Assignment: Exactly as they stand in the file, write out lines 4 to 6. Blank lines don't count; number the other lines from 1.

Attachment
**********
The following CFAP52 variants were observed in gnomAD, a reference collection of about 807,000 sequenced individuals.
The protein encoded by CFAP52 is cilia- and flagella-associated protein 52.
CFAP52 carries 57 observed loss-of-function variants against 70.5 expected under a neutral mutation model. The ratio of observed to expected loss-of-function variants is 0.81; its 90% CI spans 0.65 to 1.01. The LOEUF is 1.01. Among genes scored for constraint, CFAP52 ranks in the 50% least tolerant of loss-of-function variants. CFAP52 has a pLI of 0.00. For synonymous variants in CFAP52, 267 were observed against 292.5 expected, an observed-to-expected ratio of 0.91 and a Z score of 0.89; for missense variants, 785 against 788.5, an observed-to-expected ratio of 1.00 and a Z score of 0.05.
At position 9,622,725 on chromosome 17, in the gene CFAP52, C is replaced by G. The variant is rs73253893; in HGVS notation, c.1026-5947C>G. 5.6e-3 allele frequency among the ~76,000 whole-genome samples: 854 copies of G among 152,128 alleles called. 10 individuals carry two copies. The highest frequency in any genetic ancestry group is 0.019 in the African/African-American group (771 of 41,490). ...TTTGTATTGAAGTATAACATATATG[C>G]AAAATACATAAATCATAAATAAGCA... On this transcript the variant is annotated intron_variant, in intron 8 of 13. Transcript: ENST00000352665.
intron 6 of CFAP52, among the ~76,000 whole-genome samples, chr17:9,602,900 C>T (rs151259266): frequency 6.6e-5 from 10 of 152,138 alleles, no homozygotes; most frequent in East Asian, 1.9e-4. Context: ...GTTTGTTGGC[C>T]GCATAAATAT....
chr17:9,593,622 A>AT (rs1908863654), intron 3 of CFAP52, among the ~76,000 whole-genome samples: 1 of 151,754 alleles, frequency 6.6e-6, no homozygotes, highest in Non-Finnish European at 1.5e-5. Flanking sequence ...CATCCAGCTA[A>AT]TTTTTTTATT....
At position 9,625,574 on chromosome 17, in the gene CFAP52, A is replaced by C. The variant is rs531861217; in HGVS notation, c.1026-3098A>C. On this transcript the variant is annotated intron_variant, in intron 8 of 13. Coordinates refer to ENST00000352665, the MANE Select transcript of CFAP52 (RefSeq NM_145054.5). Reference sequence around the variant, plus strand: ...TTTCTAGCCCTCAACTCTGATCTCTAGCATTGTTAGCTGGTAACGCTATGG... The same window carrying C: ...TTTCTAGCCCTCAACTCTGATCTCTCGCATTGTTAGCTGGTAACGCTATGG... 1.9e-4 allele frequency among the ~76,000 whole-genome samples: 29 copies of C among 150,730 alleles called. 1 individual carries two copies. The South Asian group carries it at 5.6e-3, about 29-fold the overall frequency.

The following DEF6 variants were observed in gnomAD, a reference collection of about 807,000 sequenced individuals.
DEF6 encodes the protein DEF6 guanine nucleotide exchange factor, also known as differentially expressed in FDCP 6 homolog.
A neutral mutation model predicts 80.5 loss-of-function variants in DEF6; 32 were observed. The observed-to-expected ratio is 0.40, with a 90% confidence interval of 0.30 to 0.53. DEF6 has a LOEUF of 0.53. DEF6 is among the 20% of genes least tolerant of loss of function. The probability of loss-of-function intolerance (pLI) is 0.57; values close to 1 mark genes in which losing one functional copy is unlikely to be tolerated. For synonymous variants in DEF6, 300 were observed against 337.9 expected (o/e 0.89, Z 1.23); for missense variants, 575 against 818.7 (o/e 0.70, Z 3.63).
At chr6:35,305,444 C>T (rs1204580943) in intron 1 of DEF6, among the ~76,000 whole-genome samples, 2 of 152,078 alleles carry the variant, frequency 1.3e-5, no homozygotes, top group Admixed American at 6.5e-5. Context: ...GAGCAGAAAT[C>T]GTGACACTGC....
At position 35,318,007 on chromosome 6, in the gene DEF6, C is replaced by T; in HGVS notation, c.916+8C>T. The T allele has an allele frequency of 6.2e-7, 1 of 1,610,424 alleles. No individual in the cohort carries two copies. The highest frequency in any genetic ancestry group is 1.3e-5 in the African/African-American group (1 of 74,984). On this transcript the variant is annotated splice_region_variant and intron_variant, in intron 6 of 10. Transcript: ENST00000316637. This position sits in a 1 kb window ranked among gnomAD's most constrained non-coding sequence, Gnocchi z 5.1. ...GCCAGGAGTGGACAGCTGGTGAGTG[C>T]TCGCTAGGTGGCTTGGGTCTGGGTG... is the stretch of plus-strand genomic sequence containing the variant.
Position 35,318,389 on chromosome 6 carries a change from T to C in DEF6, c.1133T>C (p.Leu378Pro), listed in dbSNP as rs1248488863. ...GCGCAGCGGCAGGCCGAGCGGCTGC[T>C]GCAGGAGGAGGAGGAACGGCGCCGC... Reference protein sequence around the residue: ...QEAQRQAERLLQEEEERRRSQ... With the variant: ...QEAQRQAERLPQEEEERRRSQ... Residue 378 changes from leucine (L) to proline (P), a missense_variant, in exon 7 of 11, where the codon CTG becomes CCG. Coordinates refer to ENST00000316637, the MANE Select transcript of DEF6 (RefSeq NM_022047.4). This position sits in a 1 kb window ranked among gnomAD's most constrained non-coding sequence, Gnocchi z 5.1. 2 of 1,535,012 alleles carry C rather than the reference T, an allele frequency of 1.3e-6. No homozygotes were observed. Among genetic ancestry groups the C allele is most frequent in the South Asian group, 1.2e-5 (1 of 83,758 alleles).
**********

At position 9,622,725 on chromosome 17, in the gene CFAP52, C is replaced by G. The variant is rs73253893; in HGVS notation, c.1026-5947C>G. 5.6e-3 allele frequency among the ~76,000 whole-genome samples: 854 copies of G among 152,128 alleles called. 10 individuals carry two copies. The highest frequency in any genetic ancestry group is 0.019 in the African/African-American group (771 of 41,490). ...TTTGTATTGAAGTATAACATATATG[C>G]AAAATACATAAATCATAAATAAGCA... On this transcript the variant is annotated intron_variant, in intron 8 of 13. Transcript: ENST00000352665.
intron 6 of CFAP52, among the ~76,000 whole-genome samples, chr17:9,602,900 C>T (rs151259266): frequency 6.6e-5 from 10 of 152,138 alleles, no homozygotes; most frequent in East Asian, 1.9e-4. Context: ...GTTTGTTGGC[C>T]GCATAAATAT....
chr17:9,593,622 A>AT (rs1908863654), intron 3 of CFAP52, among the ~76,000 whole-genome samples: 1 of 151,754 alleles, frequency 6.6e-6, no homozygotes, highest in Non-Finnish European at 1.5e-5. Flanking sequence ...CATCCAGCTA[A>AT]TTTTTTTATT....